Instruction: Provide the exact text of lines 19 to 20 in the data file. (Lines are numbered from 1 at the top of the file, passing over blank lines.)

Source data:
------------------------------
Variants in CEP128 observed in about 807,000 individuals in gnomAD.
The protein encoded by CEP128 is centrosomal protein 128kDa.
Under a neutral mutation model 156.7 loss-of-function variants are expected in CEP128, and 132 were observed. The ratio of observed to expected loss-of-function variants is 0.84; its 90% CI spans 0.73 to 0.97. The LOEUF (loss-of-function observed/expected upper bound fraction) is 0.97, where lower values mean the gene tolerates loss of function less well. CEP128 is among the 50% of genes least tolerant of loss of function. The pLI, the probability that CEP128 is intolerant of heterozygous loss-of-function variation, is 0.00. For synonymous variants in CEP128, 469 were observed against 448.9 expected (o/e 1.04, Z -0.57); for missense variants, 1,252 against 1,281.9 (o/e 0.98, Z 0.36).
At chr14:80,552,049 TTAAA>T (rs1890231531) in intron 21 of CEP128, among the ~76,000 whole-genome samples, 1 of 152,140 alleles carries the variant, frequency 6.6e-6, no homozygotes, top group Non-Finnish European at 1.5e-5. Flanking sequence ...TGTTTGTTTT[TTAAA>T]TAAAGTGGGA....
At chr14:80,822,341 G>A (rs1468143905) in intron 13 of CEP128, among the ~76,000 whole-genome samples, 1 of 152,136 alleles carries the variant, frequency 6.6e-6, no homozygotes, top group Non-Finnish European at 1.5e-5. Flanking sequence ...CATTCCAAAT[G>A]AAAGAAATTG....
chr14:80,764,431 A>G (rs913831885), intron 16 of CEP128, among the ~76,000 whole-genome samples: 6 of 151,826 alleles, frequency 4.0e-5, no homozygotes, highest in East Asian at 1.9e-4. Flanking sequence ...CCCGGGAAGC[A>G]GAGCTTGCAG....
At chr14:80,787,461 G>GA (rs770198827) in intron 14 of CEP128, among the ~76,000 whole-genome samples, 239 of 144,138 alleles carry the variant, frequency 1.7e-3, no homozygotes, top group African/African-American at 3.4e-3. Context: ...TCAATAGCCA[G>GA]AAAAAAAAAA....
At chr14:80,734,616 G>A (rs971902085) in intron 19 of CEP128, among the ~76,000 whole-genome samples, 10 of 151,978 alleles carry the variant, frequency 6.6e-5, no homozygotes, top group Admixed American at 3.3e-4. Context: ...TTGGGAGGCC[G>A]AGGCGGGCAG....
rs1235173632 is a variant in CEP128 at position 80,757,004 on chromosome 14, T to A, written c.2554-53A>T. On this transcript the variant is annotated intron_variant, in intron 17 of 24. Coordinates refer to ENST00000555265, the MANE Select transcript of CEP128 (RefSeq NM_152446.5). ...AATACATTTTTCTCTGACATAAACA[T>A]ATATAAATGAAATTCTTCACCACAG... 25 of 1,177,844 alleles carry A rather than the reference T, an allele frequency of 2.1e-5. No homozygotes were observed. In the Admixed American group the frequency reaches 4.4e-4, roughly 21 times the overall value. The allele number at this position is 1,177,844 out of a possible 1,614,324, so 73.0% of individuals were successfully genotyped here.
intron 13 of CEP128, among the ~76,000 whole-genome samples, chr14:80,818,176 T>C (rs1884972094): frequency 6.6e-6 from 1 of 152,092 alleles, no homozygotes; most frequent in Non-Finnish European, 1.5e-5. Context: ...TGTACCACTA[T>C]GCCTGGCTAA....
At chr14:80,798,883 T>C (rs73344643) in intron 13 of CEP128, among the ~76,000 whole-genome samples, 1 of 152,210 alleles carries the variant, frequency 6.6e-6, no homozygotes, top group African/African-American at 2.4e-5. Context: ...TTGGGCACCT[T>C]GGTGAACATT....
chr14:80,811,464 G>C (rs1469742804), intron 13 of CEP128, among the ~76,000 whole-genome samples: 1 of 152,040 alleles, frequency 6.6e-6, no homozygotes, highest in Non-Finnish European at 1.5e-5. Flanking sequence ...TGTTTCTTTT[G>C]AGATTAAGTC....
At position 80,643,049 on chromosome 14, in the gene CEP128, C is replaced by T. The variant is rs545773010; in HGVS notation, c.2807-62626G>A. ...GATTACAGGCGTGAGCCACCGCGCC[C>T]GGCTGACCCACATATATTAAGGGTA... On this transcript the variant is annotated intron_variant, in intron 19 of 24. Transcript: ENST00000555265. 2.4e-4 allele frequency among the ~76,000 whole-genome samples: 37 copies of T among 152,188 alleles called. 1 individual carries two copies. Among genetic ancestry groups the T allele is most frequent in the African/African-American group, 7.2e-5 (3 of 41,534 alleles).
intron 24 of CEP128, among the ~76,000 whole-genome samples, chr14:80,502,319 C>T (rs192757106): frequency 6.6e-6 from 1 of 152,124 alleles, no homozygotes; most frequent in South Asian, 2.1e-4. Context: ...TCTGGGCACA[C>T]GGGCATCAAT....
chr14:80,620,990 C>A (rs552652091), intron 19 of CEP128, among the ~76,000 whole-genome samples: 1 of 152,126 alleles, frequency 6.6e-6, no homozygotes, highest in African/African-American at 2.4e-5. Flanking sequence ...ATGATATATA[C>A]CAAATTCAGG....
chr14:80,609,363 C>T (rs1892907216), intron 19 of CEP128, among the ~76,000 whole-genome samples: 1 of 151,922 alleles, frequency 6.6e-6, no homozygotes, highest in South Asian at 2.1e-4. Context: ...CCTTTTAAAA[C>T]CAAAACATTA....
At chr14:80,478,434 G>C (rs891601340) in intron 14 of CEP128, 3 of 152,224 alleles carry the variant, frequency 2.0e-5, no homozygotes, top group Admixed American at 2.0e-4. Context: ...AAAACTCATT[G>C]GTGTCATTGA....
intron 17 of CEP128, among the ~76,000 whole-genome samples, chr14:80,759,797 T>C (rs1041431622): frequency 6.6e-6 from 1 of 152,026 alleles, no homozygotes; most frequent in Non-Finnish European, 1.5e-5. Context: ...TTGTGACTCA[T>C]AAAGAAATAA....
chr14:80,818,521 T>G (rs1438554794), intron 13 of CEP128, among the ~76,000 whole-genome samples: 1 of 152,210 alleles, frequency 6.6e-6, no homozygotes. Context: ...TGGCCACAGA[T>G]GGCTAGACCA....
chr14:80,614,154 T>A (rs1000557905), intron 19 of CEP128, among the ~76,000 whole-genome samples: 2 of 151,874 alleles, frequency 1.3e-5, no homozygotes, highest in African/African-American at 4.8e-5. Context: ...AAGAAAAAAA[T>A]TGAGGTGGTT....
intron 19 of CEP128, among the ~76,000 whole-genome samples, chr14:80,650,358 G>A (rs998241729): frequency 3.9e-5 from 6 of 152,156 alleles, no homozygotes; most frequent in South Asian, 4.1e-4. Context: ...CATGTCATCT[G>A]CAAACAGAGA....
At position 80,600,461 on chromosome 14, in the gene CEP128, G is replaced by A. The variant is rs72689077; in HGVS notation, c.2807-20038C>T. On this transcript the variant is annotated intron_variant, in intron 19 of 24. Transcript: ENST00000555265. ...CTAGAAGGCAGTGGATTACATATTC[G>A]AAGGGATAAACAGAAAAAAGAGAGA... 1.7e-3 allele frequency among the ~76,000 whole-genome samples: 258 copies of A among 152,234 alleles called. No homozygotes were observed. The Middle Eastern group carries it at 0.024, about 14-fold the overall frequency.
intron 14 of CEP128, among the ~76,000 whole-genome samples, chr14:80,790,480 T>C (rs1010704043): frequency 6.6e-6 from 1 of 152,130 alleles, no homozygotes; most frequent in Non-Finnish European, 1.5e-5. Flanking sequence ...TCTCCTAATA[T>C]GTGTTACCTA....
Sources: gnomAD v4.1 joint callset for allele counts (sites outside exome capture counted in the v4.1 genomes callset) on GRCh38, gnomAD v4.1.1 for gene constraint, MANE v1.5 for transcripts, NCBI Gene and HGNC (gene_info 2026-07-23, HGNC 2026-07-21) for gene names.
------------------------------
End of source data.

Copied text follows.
chr14:80,818,521 T>G (rs1438554794), intron 13 of CEP128, among the ~76,000 whole-genome samples: 1 of 152,210 alleles, frequency 6.6e-6, no homozygotes. Context: ...TGGCCACAGA[T>G]GGCTAGACCA....
chr14:80,614,154 T>A (rs1000557905), intron 19 of CEP128, among the ~76,000 whole-genome samples: 2 of 151,874 alleles, frequency 1.3e-5, no homozygotes, highest in African/African-American at 4.8e-5. Context: ...AAGAAAAAAA[T>A]TGAGGTGGTT....